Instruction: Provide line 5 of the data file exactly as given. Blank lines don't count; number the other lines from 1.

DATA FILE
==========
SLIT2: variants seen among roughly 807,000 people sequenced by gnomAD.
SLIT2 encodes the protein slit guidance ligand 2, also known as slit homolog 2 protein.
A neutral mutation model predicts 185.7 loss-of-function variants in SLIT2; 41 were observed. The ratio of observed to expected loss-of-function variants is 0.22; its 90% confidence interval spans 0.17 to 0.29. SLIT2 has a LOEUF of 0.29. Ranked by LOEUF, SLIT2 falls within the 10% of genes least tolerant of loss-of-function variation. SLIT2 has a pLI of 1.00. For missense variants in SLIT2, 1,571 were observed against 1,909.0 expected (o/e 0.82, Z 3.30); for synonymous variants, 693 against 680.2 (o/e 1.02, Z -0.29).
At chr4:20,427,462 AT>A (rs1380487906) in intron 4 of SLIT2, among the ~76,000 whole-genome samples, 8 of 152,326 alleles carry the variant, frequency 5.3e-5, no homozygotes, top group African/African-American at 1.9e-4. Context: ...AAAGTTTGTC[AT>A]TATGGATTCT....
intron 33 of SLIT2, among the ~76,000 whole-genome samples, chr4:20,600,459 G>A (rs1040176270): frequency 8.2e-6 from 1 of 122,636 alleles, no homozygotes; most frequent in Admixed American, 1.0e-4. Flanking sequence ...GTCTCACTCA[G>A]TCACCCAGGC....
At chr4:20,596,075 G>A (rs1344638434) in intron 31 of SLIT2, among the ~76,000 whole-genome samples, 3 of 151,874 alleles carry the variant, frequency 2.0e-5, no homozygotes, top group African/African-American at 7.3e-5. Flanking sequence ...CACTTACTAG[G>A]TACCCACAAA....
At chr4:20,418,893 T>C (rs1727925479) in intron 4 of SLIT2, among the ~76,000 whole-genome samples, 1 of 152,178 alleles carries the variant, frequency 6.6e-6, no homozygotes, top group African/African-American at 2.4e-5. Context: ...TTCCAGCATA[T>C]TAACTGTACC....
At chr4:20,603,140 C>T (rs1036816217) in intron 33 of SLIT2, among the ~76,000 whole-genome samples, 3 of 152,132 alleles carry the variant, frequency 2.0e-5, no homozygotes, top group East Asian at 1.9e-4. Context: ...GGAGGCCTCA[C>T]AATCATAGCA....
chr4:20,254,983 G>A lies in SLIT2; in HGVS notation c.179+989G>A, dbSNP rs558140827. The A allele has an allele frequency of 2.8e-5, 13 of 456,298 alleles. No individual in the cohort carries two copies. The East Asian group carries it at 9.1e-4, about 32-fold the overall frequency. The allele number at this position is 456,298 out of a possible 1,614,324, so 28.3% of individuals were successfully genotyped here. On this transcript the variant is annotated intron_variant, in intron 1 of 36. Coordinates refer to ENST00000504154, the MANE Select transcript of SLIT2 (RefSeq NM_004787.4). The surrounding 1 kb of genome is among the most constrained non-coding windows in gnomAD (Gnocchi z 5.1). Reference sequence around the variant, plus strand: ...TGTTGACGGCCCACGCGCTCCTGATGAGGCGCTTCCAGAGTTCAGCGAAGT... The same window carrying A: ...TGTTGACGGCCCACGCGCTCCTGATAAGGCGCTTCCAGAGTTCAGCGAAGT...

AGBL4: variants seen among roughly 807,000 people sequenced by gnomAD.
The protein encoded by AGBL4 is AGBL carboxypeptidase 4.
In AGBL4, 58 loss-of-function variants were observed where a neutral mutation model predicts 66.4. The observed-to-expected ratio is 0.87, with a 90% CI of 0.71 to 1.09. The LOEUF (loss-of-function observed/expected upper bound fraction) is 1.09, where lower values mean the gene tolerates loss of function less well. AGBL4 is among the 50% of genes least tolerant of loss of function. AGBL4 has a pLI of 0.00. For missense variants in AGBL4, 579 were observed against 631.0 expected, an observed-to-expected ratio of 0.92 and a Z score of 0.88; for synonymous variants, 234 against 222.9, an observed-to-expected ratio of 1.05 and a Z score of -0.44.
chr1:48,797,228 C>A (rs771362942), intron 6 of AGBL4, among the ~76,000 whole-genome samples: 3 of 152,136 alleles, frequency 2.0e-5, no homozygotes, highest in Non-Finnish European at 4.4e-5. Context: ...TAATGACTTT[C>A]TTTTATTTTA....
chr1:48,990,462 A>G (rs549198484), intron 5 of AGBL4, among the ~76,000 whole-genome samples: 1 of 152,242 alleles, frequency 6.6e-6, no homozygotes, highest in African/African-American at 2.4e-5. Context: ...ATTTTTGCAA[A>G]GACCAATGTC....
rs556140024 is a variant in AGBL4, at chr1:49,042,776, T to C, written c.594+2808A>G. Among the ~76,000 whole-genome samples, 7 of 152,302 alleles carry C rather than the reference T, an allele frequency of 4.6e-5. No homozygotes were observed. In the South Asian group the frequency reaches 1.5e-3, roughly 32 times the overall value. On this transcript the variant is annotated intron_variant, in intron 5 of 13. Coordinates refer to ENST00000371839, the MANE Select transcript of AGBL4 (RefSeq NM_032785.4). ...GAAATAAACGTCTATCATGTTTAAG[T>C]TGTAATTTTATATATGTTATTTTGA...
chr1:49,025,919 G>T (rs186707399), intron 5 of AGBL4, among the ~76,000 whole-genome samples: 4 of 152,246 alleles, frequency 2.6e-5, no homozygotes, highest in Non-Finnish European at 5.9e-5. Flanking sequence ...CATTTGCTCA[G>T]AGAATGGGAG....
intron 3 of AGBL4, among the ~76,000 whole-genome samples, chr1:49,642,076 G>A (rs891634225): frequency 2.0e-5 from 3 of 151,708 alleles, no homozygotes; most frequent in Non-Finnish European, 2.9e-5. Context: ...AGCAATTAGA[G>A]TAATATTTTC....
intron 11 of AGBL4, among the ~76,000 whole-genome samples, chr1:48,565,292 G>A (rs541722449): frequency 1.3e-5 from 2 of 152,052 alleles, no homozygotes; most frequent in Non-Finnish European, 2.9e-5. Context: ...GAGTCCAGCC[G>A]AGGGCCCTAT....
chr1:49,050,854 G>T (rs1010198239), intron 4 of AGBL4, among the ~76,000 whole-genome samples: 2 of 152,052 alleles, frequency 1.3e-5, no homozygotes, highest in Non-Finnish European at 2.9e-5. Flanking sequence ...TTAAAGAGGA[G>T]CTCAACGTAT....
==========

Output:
intron 33 of SLIT2, among the ~76,000 whole-genome samples, chr4:20,600,459 G>A (rs1040176270): frequency 8.2e-6 from 1 of 122,636 alleles, no homozygotes; most frequent in Admixed American, 1.0e-4. Flanking sequence ...GTCTCACTCA[G>A]TCACCCAGGC....